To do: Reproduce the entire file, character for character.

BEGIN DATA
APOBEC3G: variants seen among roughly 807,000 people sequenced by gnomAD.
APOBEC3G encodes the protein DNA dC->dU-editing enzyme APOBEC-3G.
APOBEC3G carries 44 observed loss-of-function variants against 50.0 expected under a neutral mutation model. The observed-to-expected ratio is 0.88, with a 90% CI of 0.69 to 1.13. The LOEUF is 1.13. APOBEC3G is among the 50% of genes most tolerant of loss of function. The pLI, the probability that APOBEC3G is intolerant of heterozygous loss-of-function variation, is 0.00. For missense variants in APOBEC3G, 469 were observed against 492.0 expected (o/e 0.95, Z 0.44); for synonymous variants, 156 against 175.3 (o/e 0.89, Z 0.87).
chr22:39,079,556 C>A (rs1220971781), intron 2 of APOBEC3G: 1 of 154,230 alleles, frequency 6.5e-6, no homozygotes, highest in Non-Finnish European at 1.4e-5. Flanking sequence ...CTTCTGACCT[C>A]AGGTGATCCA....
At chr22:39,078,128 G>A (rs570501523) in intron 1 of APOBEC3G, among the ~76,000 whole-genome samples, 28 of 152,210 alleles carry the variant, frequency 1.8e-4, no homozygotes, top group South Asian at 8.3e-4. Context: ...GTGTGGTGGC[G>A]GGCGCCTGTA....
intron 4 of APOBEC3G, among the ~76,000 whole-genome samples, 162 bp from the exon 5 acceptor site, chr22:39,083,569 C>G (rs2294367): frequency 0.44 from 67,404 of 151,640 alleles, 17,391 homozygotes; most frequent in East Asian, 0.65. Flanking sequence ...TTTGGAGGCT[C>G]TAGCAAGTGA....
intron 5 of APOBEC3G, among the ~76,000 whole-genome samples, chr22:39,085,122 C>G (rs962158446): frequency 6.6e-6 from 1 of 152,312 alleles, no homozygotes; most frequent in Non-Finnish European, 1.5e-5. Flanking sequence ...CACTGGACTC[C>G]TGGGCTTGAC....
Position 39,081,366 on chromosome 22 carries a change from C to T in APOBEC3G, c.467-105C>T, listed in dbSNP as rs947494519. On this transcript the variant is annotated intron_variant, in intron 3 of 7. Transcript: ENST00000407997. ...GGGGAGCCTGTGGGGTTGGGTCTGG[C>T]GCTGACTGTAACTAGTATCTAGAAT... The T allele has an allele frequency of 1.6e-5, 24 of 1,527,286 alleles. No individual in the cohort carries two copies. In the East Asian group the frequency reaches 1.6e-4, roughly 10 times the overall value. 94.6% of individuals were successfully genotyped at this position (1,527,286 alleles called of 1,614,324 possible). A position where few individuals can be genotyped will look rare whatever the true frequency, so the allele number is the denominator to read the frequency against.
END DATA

APOBEC3G: variants seen among roughly 807,000 people sequenced by gnomAD.
APOBEC3G encodes the protein DNA dC->dU-editing enzyme APOBEC-3G.
APOBEC3G carries 44 observed loss-of-function variants against 50.0 expected under a neutral mutation model. The observed-to-expected ratio is 0.88, with a 90% CI of 0.69 to 1.13. The LOEUF is 1.13. APOBEC3G is among the 50% of genes most tolerant of loss of function. The pLI, the probability that APOBEC3G is intolerant of heterozygous loss-of-function variation, is 0.00. For missense variants in APOBEC3G, 469 were observed against 492.0 expected (o/e 0.95, Z 0.44); for synonymous variants, 156 against 175.3 (o/e 0.89, Z 0.87).
chr22:39,079,556 C>A (rs1220971781), intron 2 of APOBEC3G: 1 of 154,230 alleles, frequency 6.5e-6, no homozygotes, highest in Non-Finnish European at 1.4e-5. Flanking sequence ...CTTCTGACCT[C>A]AGGTGATCCA....
At chr22:39,078,128 G>A (rs570501523) in intron 1 of APOBEC3G, among the ~76,000 whole-genome samples, 28 of 152,210 alleles carry the variant, frequency 1.8e-4, no homozygotes, top group South Asian at 8.3e-4. Context: ...GTGTGGTGGC[G>A]GGCGCCTGTA....
intron 4 of APOBEC3G, among the ~76,000 whole-genome samples, 162 bp from the exon 5 acceptor site, chr22:39,083,569 C>G (rs2294367): frequency 0.44 from 67,404 of 151,640 alleles, 17,391 homozygotes; most frequent in East Asian, 0.65. Flanking sequence ...TTTGGAGGCT[C>G]TAGCAAGTGA....
intron 5 of APOBEC3G, among the ~76,000 whole-genome samples, chr22:39,085,122 C>G (rs962158446): frequency 6.6e-6 from 1 of 152,312 alleles, no homozygotes; most frequent in Non-Finnish European, 1.5e-5. Flanking sequence ...CACTGGACTC[C>G]TGGGCTTGAC....
Position 39,081,366 on chromosome 22 carries a change from C to T in APOBEC3G, c.467-105C>T, listed in dbSNP as rs947494519. On this transcript the variant is annotated intron_variant, in intron 3 of 7. Transcript: ENST00000407997. ...GGGGAGCCTGTGGGGTTGGGTCTGG[C>T]GCTGACTGTAACTAGTATCTAGAAT... The T allele has an allele frequency of 1.6e-5, 24 of 1,527,286 alleles. No individual in the cohort carries two copies. In the East Asian group the frequency reaches 1.6e-4, roughly 10 times the overall value. 94.6% of individuals were successfully genotyped at this position (1,527,286 alleles called of 1,614,324 possible). A position where few individuals can be genotyped will look rare whatever the true frequency, so the allele number is the denominator to read the frequency against.